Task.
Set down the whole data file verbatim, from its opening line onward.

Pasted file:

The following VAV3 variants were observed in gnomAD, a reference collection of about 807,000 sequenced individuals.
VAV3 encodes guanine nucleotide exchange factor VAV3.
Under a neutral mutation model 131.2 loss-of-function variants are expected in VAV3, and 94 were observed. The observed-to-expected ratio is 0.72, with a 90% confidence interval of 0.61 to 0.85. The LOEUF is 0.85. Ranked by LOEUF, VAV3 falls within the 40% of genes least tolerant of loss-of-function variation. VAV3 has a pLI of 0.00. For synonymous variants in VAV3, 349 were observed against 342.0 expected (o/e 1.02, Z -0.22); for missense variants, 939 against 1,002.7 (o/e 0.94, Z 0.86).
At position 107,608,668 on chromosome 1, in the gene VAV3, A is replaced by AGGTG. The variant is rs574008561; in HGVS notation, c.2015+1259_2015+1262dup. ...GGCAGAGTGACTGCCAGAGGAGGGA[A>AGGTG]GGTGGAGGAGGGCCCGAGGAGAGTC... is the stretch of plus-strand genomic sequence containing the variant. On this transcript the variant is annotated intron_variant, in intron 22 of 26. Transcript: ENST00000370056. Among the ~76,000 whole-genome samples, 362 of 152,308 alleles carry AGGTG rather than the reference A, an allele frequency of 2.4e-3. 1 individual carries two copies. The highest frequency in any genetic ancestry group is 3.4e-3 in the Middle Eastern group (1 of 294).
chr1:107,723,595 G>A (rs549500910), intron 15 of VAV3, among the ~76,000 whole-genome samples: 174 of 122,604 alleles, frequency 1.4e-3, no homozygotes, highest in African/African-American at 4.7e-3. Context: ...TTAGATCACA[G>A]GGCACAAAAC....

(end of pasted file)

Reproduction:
The following VAV3 variants were observed in gnomAD, a reference collection of about 807,000 sequenced individuals.
VAV3 encodes guanine nucleotide exchange factor VAV3.
Under a neutral mutation model 131.2 loss-of-function variants are expected in VAV3, and 94 were observed. The observed-to-expected ratio is 0.72, with a 90% confidence interval of 0.61 to 0.85. The LOEUF is 0.85. Ranked by LOEUF, VAV3 falls within the 40% of genes least tolerant of loss-of-function variation. VAV3 has a pLI of 0.00. For synonymous variants in VAV3, 349 were observed against 342.0 expected (o/e 1.02, Z -0.22); for missense variants, 939 against 1,002.7 (o/e 0.94, Z 0.86).
At position 107,608,668 on chromosome 1, in the gene VAV3, A is replaced by AGGTG. The variant is rs574008561; in HGVS notation, c.2015+1259_2015+1262dup. ...GGCAGAGTGACTGCCAGAGGAGGGA[A>AGGTG]GGTGGAGGAGGGCCCGAGGAGAGTC... is the stretch of plus-strand genomic sequence containing the variant. On this transcript the variant is annotated intron_variant, in intron 22 of 26. Transcript: ENST00000370056. Among the ~76,000 whole-genome samples, 362 of 152,308 alleles carry AGGTG rather than the reference A, an allele frequency of 2.4e-3. 1 individual carries two copies. The highest frequency in any genetic ancestry group is 3.4e-3 in the Middle Eastern group (1 of 294).
chr1:107,723,595 G>A (rs549500910), intron 15 of VAV3, among the ~76,000 whole-genome samples: 174 of 122,604 alleles, frequency 1.4e-3, no homozygotes, highest in African/African-American at 4.7e-3. Context: ...TTAGATCACA[G>A]GGCACAAAAC....